In order to ease tension in the society, government decided to relax the atmosphere of pressure and totalitarianism, so the ban of parties was lifted in 1986. Since riots were because of economic reasons strikes continued through 1988. In 1989, new parties were allowed to participate in elections; this resulted in formation of 20 new parties including Islamist Salvation Front (FIS) (Ryan). This party was for traditional Islamist order of society, and it won majority in local elections in 1990. The victory of this party on the first round of general elections was the trigger for the militaries to start their military coup and announce the results of elections illegitimate (Silverstein 655). The journalist Yasmine Ryan says:
"The Algerian civil war began in 1992 after the Algerian military stage a coup d'etat
would have been the country's first democratic elections. The "dirty war" left 200,000
Algerians dead and approximately 15,000 forcibly disappeared." (Ryan).
One of the main militaries in charge was quoted to say that "I am ready and resolved to eliminate three million Algerians if it's necessary to maintain the order which the Islamists are threatening" (Ryan). So the main question of this war is what was so important for militaries that they decided to start slaughter of their compatriots? What kind of order they were protecting with the cost of so many lives?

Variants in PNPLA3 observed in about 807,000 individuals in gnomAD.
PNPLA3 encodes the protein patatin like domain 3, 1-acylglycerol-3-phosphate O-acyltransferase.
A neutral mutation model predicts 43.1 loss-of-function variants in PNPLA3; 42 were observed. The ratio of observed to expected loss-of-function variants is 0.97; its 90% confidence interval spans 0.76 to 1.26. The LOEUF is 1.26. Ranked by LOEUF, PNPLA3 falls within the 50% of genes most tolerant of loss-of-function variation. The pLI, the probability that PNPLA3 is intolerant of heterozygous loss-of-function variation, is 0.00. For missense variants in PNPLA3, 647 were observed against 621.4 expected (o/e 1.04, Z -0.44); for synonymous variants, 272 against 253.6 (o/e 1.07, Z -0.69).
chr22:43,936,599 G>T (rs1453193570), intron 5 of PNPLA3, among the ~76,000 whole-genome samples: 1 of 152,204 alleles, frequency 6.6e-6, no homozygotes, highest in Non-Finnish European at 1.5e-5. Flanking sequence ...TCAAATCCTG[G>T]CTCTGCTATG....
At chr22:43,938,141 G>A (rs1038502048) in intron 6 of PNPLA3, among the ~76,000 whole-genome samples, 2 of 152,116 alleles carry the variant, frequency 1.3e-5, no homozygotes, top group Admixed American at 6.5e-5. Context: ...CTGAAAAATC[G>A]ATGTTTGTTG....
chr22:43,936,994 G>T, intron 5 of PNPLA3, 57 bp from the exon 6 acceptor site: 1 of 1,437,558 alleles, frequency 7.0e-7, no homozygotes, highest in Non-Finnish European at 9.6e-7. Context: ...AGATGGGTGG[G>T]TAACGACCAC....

The answer to these questions can be found in different reasoning, but the main one would be power and inconsistency of ideologies, behind each side. The beginning of the conflict took place when the Cold War ended and the new world was about to be born. Each country had to adapt to the new environment - spreading of democracy and globalisation. Algeria was not an exception. So, the side that could gain power under the new circumstances will secure his further prosperity (Mundy 33). The lift of party ban was an attempt to calm people down and to gain new ways of preserving the old system without massive changes. The militaries, who were well infiltrated into governmental structure, did not want to change their comfortable position and loose influence in the society (Ryan). Their behaviour fits into traditional pattern of totalitarian rule - fear of competition and loose of control. That is why when militaries realised that Islamists would gain majority on elections, they had to act fast and destroy any kind of opposition (Sandhu 106).